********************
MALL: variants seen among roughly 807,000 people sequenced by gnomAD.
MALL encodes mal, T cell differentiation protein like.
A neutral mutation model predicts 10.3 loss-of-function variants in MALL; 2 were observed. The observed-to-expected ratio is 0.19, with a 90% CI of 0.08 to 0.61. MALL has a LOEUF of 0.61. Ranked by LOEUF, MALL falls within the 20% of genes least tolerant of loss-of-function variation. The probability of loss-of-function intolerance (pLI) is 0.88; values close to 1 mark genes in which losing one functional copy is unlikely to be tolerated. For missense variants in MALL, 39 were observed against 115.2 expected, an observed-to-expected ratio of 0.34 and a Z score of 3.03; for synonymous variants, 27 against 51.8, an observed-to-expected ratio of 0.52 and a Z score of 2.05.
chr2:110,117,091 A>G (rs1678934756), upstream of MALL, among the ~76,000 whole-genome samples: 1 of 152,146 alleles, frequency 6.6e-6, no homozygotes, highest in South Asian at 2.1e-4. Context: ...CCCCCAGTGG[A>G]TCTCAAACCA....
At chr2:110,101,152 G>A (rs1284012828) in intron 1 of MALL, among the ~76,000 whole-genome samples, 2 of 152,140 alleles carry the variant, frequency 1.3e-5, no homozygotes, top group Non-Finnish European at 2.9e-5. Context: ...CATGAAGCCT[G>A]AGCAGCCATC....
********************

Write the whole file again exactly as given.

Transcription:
MALL: variants seen among roughly 807,000 people sequenced by gnomAD.
MALL encodes mal, T cell differentiation protein like.
A neutral mutation model predicts 10.3 loss-of-function variants in MALL; 2 were observed. The observed-to-expected ratio is 0.19, with a 90% CI of 0.08 to 0.61. MALL has a LOEUF of 0.61. Ranked by LOEUF, MALL falls within the 20% of genes least tolerant of loss-of-function variation. The probability of loss-of-function intolerance (pLI) is 0.88; values close to 1 mark genes in which losing one functional copy is unlikely to be tolerated. For missense variants in MALL, 39 were observed against 115.2 expected, an observed-to-expected ratio of 0.34 and a Z score of 3.03; for synonymous variants, 27 against 51.8, an observed-to-expected ratio of 0.52 and a Z score of 2.05.
chr2:110,117,091 A>G (rs1678934756), upstream of MALL, among the ~76,000 whole-genome samples: 1 of 152,146 alleles, frequency 6.6e-6, no homozygotes, highest in South Asian at 2.1e-4. Context: ...CCCCCAGTGG[A>G]TCTCAAACCA....
At chr2:110,101,152 G>A (rs1284012828) in intron 1 of MALL, among the ~76,000 whole-genome samples, 2 of 152,140 alleles carry the variant, frequency 1.3e-5, no homozygotes, top group Non-Finnish European at 2.9e-5. Context: ...CATGAAGCCT[G>A]AGCAGCCATC....